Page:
The gains from trade (country A).

Country a s trading equilibrium

Country A’s trading equilibrium.

Exchange rates

Exchange Rates

  • State exchange rate, E, in US dollars per UK pound

    • say $2/£

  • A good will be imported if its foreign pre-trade price (x E) is less than the domestic price

    • PS < E x PS*

Buy low

Buy Low . . .

  • Trade requires

    • PS < E x PS*

    • PT > E x PT*

    • autarky prices

    • Home (A) has comparative advantage in S

    • Foreign (B) has comparative advantage in T

Perfect competition review product resource markets

Perfect Competition Review(Product & Resource Markets)

  • PX = MC for a good, X

  • MC = w/MPPL (Labor, L, is only var. input)


Prices wages

Prices & Wages

  • PX = MC = w/MPPL

  • MPPL is measured as units of X per hour, OLX

  • Productivity may be stated as hours per unit of X, aLX, or units of X per hour worked, OLX.

    aLX = 1/OLX

  • PX = w /OLX

Trade wages cont

Trade & Wages (Cont.)

Competitive advantage

Competitive Advantage

  • The ability to sell a good at the lowest price.

  • Usually results from comparative advantage

  • Alternatively, it may be the result of . . .

    • Government subsidies for inefficient industries

    • An undervalued exchange rate

Losing competitive advantage

Losing Competitive Advantage

  • If Home’s relative wage ratio (W/W*) exceeds its relative productivity (OLS/OLS*), its S will cost _______ than Foreign’s.

  • If a country’s currency is overvalued (say $1/£ instead of $2/£), comparative advantage may be lost -- both goods may be cheaper in ___________.

Country a s price consumption curve

Country A’s price-consumption curve.

Derivation of country a s offer curve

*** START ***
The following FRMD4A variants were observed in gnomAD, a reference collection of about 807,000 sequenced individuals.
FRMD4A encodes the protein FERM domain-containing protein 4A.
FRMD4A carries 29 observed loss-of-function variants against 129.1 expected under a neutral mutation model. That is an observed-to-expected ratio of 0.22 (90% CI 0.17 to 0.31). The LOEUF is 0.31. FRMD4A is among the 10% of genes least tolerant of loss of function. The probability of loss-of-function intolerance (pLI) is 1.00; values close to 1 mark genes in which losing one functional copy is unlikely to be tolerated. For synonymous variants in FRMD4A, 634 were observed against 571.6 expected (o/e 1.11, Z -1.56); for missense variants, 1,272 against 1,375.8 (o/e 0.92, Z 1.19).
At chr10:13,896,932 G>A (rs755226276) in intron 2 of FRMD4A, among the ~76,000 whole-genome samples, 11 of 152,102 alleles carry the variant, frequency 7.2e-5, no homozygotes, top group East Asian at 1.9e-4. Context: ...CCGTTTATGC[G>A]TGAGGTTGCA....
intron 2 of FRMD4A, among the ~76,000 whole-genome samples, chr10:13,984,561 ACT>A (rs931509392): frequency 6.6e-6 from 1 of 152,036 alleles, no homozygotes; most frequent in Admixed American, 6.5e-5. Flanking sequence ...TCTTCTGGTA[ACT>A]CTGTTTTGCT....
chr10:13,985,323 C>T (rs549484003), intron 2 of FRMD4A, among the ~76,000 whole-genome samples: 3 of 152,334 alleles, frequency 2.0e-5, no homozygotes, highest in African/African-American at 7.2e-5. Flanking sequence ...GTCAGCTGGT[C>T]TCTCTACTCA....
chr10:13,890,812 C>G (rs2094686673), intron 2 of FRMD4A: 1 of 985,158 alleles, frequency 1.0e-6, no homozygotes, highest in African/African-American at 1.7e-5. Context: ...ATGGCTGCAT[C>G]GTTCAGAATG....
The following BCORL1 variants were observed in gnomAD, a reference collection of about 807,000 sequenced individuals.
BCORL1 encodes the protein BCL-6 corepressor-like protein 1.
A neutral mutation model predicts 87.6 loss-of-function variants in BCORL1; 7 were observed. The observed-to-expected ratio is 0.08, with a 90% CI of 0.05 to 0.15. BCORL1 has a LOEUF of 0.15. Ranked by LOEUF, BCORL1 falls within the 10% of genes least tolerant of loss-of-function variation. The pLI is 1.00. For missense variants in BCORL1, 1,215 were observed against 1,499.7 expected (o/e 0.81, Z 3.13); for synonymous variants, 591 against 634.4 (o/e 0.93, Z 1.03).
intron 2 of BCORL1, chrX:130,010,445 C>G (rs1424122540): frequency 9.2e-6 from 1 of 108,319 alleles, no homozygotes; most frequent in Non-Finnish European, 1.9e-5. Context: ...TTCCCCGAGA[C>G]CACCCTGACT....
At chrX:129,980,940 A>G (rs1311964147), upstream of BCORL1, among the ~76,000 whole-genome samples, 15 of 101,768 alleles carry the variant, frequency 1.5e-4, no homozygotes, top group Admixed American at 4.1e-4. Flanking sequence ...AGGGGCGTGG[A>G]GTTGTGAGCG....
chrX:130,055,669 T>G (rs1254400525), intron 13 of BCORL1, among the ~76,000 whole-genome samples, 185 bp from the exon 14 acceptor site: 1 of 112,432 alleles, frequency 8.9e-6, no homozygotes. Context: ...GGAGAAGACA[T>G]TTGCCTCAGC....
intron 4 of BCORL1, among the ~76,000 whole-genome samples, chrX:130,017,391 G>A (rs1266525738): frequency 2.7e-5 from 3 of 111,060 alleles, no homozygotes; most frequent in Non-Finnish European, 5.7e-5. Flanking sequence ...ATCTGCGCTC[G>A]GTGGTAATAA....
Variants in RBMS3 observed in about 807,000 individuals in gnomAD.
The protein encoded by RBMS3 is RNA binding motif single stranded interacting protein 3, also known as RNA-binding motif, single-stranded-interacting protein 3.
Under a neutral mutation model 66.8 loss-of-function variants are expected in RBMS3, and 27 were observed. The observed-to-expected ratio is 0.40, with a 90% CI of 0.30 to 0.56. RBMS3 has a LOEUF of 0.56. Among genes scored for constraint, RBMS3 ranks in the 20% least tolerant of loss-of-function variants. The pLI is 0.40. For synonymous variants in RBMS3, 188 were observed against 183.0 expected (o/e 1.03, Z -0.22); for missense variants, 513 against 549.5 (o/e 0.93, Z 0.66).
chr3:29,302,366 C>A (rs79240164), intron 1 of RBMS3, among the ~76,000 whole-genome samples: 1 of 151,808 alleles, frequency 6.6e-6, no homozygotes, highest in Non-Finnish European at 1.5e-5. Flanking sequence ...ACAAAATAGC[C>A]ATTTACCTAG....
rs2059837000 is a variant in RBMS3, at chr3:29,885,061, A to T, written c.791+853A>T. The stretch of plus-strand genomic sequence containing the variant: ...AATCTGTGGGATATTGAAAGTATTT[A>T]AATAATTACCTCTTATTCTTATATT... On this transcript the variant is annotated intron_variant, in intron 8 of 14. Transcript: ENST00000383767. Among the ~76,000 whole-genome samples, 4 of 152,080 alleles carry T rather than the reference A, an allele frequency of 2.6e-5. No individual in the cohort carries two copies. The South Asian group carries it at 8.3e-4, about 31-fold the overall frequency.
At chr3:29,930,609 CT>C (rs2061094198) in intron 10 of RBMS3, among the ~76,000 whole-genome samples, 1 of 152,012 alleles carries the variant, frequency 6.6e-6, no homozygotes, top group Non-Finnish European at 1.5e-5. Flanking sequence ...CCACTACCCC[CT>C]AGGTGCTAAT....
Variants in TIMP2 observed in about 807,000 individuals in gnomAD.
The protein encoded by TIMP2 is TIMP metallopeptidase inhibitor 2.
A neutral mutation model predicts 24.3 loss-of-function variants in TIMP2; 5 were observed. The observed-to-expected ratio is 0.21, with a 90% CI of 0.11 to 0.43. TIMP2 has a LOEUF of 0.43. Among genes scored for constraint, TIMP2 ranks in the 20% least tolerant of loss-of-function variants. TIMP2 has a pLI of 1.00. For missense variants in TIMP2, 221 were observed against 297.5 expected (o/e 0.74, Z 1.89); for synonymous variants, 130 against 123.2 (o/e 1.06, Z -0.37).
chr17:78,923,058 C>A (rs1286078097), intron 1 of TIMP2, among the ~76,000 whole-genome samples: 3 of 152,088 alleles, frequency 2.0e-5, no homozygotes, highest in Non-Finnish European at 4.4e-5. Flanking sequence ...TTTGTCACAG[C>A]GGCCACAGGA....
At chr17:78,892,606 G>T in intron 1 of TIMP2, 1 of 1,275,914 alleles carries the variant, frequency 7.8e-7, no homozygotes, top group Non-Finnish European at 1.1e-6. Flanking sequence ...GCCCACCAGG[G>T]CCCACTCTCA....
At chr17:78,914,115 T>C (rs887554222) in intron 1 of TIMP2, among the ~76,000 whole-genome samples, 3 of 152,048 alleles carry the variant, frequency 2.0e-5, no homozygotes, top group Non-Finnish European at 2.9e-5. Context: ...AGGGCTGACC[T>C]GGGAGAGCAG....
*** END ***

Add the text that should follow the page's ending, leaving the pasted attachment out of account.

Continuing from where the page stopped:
Derivation of country A’s offer curve.

International trade equilibrium1

International trade equilibrium.

Cambodian textiles update

Cambodian Textiles Update

  • US offered to expand Cambodia’s export quota by 14% if “working conditions is the Cambodia textile and apparel sector substantially comply with” local and internationally recognized core standards.

  • Dec ’99 – US officials decide that Cambodia has fallen short, but offered 5%

    • Cambodia to establish independent monitoring with the International Labor Organization, ILO

Cambodian textiles update1

Cambodian Textiles Update

  • ILO leery, fearing weakening of local monitoring capability

  • ILO agrees after US pledges $500,000 in technical assistance to Cambodian labor ministry

  • US also paying $1 million (of $1.4 mil.) for a 3-year monitoring effort

    • USTR press release 18 May 2000

Cambodian textiles update2

Cambodian Textiles Update

  • Sep ’00 – US officials grant Cambodia another 4% increase

    • 9% increase continued for ’01

  • Other news:

    • Nov ’00 -- ILO rules Burma’s progress on forced labor inadequate. Section 33 action authorized. As of March ’01, no member country has taken action. US & EU considering sanctions

    • Bush proposed reducing US contributions to the ILO budget.

Quantity of soybeans demanded

Quantity of Soybeans Demanded

PS/PT = 2.5 yd.T/bu.S



Autarky General Equilibrium|slope PPF| = PS/PT =2 yd.T/bu.S



TEXTILES, T (millions of yards per year)



PS/PT = 1 yd.T/bu.S








0 2 4 6 8 10


SOYBEANS, S (millions of bushels per year)

Ricardian model

Tony Auth, NY Times editorial cartoon, December 2, 1999